The game can't seem to decide what time period it takes place in. In one room a passerby tells you to boycott FDR. In the next, a convict tells you he was busted for possession of crack.
At another point, you enter an area and are told that the killer's rumoured hotel is in one direction, his favourite hangout in another, and his workplace in a third. You never learned any of this previously. Real police work should be so easy.
All of this is but a prelude to the big ending. When you enter the room where the killer is, you are told that after a fierce battle you overcame him. In other words, "Yes, there was a big fight, but we couldn't afford to show you any of it".
I'm not going into all this detail just to pile on the criticism. Mr. Barringer obviously enjoys playing and writing text games, and I'd be the last to tell him not to do it. I'm only writing this because unlike Stefan Jokisch (in his review), I think that you SHOULD get this game and you SHOULD play it. It's very quick (as little as 26 moves), loaded with such unintentional laughs, and unlike Space Aliens, you can play it to a conclusion, with no headaches or technical glitches. The parser is terrible, but when you only need "north," "south," "east," and "west," what the heck? Mr. Barringer's goal in writing the game was to entertain his audience, and as far as I'm concerned he suceeded in ways that the rating system can't show.
If you like Mystery Science Theater 3000, you will enjoy playing this game. I'm going to e-mail a copy to Dr. Clayton Forrester myself, for use in a future experiment. Heads up, Mike, Tom, and Crow!
From: okblacke
Review appeared in SPAG #18 -- September 15, 1999
NAME: Detective
AUTHOR: Matt Barringer
EMAIL: Unknown
(He probably doesn't want any mail about this anymore anyway.)
DATE: 1993
PARSER: Inform
VERSION: Stuart Moore's Inform Port of an AGT classic!
Have you ever had the experience of seeing a movie or reading a book only after a hundred people told you how good or how bad it was? The actual work almost never lives up to your expectations. So it is with "Detective" which is probably the "Plan 9 From Outer Space" of IF. (It's not the worst piece of IF ever written by a long-shot but it may be the most infamous.)
I'm not entirely sure of the history of the game, beyond the author uploading it to a BBS and things getting out of hand from there, but if I'm not mistaken there are two ports of the original AGT game and two MST versions. That may be some kind of record for a game held in such loving low esteem.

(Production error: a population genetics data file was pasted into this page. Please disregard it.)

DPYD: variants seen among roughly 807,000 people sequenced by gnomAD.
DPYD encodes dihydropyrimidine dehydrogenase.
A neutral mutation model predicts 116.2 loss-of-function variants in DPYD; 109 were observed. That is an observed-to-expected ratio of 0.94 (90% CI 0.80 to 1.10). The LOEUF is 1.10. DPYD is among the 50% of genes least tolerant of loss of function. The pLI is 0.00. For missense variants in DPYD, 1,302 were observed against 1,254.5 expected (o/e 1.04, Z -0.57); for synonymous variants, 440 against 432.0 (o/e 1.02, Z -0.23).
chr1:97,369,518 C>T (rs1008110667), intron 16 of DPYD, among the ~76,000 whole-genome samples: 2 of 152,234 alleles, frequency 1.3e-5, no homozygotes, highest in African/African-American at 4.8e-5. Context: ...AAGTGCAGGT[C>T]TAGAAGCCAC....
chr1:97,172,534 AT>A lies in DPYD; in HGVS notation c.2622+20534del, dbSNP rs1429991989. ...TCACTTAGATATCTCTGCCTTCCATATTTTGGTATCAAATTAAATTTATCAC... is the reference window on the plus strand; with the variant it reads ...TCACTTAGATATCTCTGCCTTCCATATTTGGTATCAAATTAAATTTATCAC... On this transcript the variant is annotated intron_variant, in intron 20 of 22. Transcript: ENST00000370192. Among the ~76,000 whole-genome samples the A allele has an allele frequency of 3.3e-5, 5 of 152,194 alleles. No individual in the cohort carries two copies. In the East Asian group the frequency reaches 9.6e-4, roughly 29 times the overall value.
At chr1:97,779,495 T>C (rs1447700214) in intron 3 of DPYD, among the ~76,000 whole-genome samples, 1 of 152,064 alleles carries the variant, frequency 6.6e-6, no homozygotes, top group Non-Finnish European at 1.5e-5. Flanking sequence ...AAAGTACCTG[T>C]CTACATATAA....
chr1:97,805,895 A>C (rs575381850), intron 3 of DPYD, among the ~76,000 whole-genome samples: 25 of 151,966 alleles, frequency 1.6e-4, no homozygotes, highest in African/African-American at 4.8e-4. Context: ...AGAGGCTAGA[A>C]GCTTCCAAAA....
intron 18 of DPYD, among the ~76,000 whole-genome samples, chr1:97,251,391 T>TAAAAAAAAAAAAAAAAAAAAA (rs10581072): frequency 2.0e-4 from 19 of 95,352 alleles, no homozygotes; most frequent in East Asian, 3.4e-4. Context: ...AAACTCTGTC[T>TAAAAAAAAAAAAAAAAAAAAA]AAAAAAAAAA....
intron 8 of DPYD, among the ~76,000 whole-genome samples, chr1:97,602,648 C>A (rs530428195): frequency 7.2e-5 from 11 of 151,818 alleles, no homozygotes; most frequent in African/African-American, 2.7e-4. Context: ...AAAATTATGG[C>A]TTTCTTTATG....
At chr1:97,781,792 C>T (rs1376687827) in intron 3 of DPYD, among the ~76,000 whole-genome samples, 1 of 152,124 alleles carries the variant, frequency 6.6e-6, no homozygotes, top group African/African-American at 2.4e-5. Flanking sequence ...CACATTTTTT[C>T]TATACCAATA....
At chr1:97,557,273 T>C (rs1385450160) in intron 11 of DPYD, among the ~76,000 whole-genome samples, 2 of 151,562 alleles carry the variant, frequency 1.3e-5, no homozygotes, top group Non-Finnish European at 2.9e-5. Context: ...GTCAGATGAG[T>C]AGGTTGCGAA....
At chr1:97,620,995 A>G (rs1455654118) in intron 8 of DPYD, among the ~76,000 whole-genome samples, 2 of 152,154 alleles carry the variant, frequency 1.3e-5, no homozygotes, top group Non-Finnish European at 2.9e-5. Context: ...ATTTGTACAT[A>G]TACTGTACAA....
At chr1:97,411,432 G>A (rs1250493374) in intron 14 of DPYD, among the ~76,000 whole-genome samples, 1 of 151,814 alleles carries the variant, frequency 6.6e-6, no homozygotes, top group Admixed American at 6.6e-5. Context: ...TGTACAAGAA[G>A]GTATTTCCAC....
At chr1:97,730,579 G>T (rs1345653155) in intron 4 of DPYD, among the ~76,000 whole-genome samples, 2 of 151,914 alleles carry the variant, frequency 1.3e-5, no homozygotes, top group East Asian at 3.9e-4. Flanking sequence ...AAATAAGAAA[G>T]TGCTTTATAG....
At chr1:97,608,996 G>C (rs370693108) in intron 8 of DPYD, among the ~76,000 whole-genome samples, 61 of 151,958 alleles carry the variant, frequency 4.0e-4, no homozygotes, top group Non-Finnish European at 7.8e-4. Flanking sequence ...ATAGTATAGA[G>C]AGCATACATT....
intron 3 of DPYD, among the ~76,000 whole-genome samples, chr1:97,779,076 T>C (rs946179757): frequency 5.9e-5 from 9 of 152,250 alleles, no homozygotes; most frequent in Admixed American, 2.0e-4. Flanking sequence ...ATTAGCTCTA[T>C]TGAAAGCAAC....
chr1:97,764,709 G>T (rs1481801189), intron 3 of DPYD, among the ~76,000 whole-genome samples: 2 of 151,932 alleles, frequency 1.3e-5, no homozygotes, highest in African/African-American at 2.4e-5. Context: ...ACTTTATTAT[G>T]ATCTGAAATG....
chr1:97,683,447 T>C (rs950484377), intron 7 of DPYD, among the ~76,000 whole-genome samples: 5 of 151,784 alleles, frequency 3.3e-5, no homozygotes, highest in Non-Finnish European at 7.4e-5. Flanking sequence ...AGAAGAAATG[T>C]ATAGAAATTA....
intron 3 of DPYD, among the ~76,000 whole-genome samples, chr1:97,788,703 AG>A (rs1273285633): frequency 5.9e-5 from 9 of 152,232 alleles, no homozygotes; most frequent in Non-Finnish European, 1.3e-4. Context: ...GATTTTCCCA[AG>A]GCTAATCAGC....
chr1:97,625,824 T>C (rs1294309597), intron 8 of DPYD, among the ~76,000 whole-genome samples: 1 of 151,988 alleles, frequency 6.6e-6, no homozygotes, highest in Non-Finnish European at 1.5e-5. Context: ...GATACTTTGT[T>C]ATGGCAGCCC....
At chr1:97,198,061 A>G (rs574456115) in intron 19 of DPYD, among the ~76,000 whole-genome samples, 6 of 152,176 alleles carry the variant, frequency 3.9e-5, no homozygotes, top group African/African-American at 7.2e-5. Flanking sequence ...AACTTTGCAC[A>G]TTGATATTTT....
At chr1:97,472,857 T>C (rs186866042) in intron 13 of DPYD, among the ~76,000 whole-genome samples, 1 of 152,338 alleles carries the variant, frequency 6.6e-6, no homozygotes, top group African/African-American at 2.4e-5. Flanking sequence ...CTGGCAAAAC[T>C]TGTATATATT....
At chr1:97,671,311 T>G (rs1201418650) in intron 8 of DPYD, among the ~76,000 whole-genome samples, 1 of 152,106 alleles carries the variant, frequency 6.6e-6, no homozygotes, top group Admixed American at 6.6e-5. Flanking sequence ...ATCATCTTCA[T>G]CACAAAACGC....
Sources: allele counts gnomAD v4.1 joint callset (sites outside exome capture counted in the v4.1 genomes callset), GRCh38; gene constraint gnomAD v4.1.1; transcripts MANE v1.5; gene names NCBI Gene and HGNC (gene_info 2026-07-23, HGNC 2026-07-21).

I hadn't ever played it, so when I saw that Stuart Moore had created an Inform version, I thought I'd take the time to play this and the so-called MSTied version. Truth is, it's not that bad. It's not any kind of good, either, because it's basically a puzzle-less IF piece without solid, compelling writing to sustain it. Enough has been said about the program's various faults (the lack of a proofreading, instant death, one way doors, incidents built into room descriptions, near complete non-interactivity, no story development beyond the original idea, incoherency and so on) that the game could serve as a model on how not to write IF.
I won't embellish on the game's faults here except to say that, having known what to expect, I can't really share in the frustration that players of the original AGT version must have experienced if they were looking for a game.
It's short, arbitrary and pointless, but it *is* short! It may even be historical. (Can you count yourself a true IF aficionado if you don't know of this game?) It's also sincere in its way. If you look at other bad IF, you often find a cynicism, rampant insults to the player, and sleazy bad humor. It's clear that the author's intentions are good.
Rating is somewhat problematic because (as outlined by Whizzard) the ratings system deals with "attempts" and "effort" and I believe the attempts and effort were there, just not successful. Nonetheless, I can't really give a high score for "trying" except to bump up the "overall" category somewhat.
Plot: 0.1
Atmosphere: 0.0
Writing: 0.1
Gameplay: 0.0
Characters: 0.1
Puzzles: 0.0
Overall: 0.5
Search WWW Search

biography | credits | articles | interviews | pictures | sound bytes | film clips | memories | off camera | site map | thanks! | home | email us
Copyright --October 20, 2000 Stephanie Kellerman and the Basehart Family